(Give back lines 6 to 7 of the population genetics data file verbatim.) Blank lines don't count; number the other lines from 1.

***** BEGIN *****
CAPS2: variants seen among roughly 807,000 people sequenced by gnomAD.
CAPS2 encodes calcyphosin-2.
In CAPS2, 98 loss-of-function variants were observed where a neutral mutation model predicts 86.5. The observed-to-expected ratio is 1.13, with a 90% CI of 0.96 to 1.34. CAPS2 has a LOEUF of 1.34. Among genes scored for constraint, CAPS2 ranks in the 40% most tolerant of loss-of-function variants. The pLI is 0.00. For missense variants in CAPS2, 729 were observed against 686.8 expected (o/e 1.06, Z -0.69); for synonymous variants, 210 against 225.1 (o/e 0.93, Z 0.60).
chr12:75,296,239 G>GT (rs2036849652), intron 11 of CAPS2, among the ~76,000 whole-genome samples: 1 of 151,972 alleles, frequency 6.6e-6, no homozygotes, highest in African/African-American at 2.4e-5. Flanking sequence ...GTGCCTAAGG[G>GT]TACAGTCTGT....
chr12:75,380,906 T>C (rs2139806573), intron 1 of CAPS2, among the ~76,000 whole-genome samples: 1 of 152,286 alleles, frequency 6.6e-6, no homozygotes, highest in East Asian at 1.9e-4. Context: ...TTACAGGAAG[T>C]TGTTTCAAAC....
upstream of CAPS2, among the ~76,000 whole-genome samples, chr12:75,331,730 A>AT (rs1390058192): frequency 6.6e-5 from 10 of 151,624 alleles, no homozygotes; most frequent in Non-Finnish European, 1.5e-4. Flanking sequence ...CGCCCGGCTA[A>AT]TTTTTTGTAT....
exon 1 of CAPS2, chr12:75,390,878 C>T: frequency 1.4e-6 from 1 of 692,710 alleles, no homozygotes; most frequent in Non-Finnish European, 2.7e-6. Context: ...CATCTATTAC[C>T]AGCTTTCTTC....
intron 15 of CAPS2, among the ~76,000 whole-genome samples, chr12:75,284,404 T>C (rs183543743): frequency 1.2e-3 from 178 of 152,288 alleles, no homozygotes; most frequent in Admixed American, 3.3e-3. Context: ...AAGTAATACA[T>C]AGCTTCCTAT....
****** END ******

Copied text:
upstream of CAPS2, among the ~76,000 whole-genome samples, chr12:75,331,730 A>AT (rs1390058192): frequency 6.6e-5 from 10 of 151,624 alleles, no homozygotes; most frequent in Non-Finnish European, 1.5e-4. Flanking sequence ...CGCCCGGCTA[A>AT]TTTTTTGTAT....
exon 1 of CAPS2, chr12:75,390,878 C>T: frequency 1.4e-6 from 1 of 692,710 alleles, no homozygotes; most frequent in Non-Finnish European, 2.7e-6. Context: ...CATCTATTAC[C>T]AGCTTTCTTC....